Full Range of Opinions and Emotions Surrounds Last Shuttle Flight

A space town's long goodbye, CNN

"Our community is going to lose the gift of hundreds of thousands of hotel rooms that we didn't really have to work very hard to fill," said Thompson. With the last launch, the town's identity will slip a little further into the past. "For me, it's probably going to be a lot of joy and a lot of sorrow all at the same time," said Socks, who knows when the tourists depart this time, all that will be left is a suddenly, shockingly empty sky.

As shuttle era ends, questions loom for shrinking astronaut corps, Washington Post

"The agency's vaunted astronaut corps, trained to withstand high acceleration, dangerous spacewalks, isolation and countless technical hiccups, now confronts a challenge with no handy checklist: the unknown."

Shuttles' end stirs doubts about U.S. space program, Reuters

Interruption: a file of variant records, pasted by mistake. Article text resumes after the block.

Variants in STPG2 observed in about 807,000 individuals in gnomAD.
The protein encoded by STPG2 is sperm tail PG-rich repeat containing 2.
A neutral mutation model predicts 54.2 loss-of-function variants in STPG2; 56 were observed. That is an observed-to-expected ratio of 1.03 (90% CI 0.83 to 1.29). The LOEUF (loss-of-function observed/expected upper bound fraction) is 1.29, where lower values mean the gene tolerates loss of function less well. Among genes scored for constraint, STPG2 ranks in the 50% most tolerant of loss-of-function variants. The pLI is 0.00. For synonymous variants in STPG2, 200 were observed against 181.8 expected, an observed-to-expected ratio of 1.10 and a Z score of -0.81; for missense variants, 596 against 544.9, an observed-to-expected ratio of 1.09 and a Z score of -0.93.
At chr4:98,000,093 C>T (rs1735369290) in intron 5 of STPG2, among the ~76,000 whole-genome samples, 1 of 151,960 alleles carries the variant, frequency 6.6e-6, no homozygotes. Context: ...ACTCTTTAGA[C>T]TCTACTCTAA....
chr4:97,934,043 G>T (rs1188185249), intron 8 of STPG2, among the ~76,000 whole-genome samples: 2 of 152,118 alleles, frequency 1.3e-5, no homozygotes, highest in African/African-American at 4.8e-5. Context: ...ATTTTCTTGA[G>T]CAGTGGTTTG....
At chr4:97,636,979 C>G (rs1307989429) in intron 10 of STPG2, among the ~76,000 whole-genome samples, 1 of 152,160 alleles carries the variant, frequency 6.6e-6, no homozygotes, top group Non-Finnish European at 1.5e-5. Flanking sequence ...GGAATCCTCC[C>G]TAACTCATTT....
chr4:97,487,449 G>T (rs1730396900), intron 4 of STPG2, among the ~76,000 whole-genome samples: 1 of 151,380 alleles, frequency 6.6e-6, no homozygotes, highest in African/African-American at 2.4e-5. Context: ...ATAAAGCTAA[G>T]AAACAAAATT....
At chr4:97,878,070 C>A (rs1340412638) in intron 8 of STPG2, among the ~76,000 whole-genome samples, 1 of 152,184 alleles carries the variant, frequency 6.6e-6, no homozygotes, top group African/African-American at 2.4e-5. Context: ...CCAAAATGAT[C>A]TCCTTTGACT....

"As the clock ticks down to this week's final space shuttle launch, there is a mounting sense of uncertainty about future U.S. dominance in space."

NASA's space shuttle program ends this month: Does anybody care?, San Jose Mercury News

"For the past 30 years, NASA's space shuttles have served as the primary vehicles for our collective out-of-this-world imagination. Though only venturing into low-Earth orbit -- a mere 250 miles to the International Space Station, not much farther than a drive from the Bay Area to Pismo Beach -- shuttles kept a solid American foot in the doorway to more. But somewhere along the way "astronaut" became just another career. And shuttle expeditions became so routine, the general public often didn't know when a craft was in orbit or not."

Final NASA shuttle mission clouded by rancor, Washington Post

"NASA's critics say the human spaceflight program is in a shambles. They see arm-waving and paperwork rather than a carefully defined mission going forward. NASA has lots of plans, but it has no new rocket ready to launch, no specific destination selected, and no means in the near term to get American astronauts into space other than by buying a seat on one of Russia's aging Soyuz spacecraft."

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About this Entry

This page contains a single entry by Keith Cowing published on July 5, 2011 12:37 PM.

The Last Shuttle Crew Arrives was the previous entry in this blog.

Looking Back at the Shuttle Program is the next entry in this blog.

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